What Is BFR (Blood Flow Restriction) Therapy?
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BFR or Blood Flow Restriction is the application of a tourniquet system to a proximal arm/leg which is inflated to a specific pressure (80% of Limb Occlusion Pressure (LOP) in LE and 50% of LOP in UE) in order to reduce blood flow during exercise. By limiting blood flow and oxygen to the area, we can mimic the metabolic demands and environment, and reap the same strength/hypertrophy benefits as if we were training at a high intensity but without actually needing to utilize heavy resistance or weights.
History of BFR
- The 1970s: BFR was first initially discovered by Dr. Yoshiaki Sato in 1973 where he had sustained an ankle injury from a skiing accident that caused him to be in a cast for 6 weeks. Not wanting to lose muscle mass, he experimented with different belts and isometric exercises on himself. When the cast was removed, doctors were shocked to discover that his leg wasn’t atrophied or tender. Soon after he began experimenting on himself and other people with this method as a means to prevent muscle atrophy and improve muscle strength and hypertrophy.
- BFR In the USA: BFR initially started with the US military and NASA where they utilized BFR as a tool to preserve muscle mass in wounded soldiers to avoid amputation and to maintain muscle mass in astronauts affected by low gravity in space
- BFR Today: Today, BFR is a popular rehab and recovery tool utilized by a large variety of population ranging from professional athletes all the way to your older geriatric population
- The American College of Sports Medicine (ACSM) recommends that in order to make increases in muscle strength and size, you need to be lifting weights at a moderate – high intensity- specifically >70% of your 1 rep max (1RM)
- Unfortunately, a lot of times, people aren’t able to lift loads above 70% of their 1RM due to certain limiting factors whether it may be due to injury, pain, or post op surgery protocols. And often, you’ll actually see de-conditioning and even muscle atrophy due to the lack of activity and strength training at the appropriate intensity.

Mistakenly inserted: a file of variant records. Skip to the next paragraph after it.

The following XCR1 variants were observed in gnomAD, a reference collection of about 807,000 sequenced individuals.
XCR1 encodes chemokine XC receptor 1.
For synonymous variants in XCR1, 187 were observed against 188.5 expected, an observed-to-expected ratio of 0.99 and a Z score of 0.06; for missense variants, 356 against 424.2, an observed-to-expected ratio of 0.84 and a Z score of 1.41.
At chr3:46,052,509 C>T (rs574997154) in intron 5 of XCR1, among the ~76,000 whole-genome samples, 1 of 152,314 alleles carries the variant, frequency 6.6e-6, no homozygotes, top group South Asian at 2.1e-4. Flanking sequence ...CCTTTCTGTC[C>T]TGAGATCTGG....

Who Can Benefit From BFR?
- This is where BFR comes in. By restricting blood flow and oxygen to a certain limb, we can create an anaerobic lactic environment that forces the body to recruit more muscle fibers (Type 2) which are typically reserved for more intense and strenuous activity seen when training at 70% of 1RM or higher.
- Studies have shown that BFR can improve release of Human Growth Hormone (HGH), Insulin-Like Growth Factor (IGF-1), and improve VO2 Max - all of which are important for improving strength and endurance during training.
- So by utilizing BFR, we are able to work out at a relatively low intensity and low load (usually 20-30% of your 1RM or even bodyweight), and still reap the same benefits of increasing strength and muscle hypertrophy as if you were lifting at 70% of your 1RM WHILE minimizing stress on tendons, ligaments, and joints!
How it Works
- Athletes who are injured and want to increase their strength but are unable to exercise and weight train due to pain.
- Post surgical patients who have weight bearing and exercise precautions and want to increase strength and prevent muscle atrophy.
- “In-season” athletes who want to make increases in strength and hypertrophy without needing to recover from high intensity training affecting their in-game performance.
- Utilizing a Doppler ultrasound, Limb Occlusion Pressure (LOP) is measured in order to provide an accurate and appropriate safe restriction during exercise.
- Common areas to detect pulses to measure LOP utilizing Doppler Ultrasound include radial or brachial arteries for the upper extremities, and dorsal pedis or posterior tibialis arteries for the lower extremities.
- From there, the cuffs are inflated to 50% of the LOP for the upper extremities and 80% of LOP for the lower extremities.
- Current research suggests that the most common BFR Protocol is 75 repetitions over 4 sets (30/15/15/15) with a 30 second rest in-between.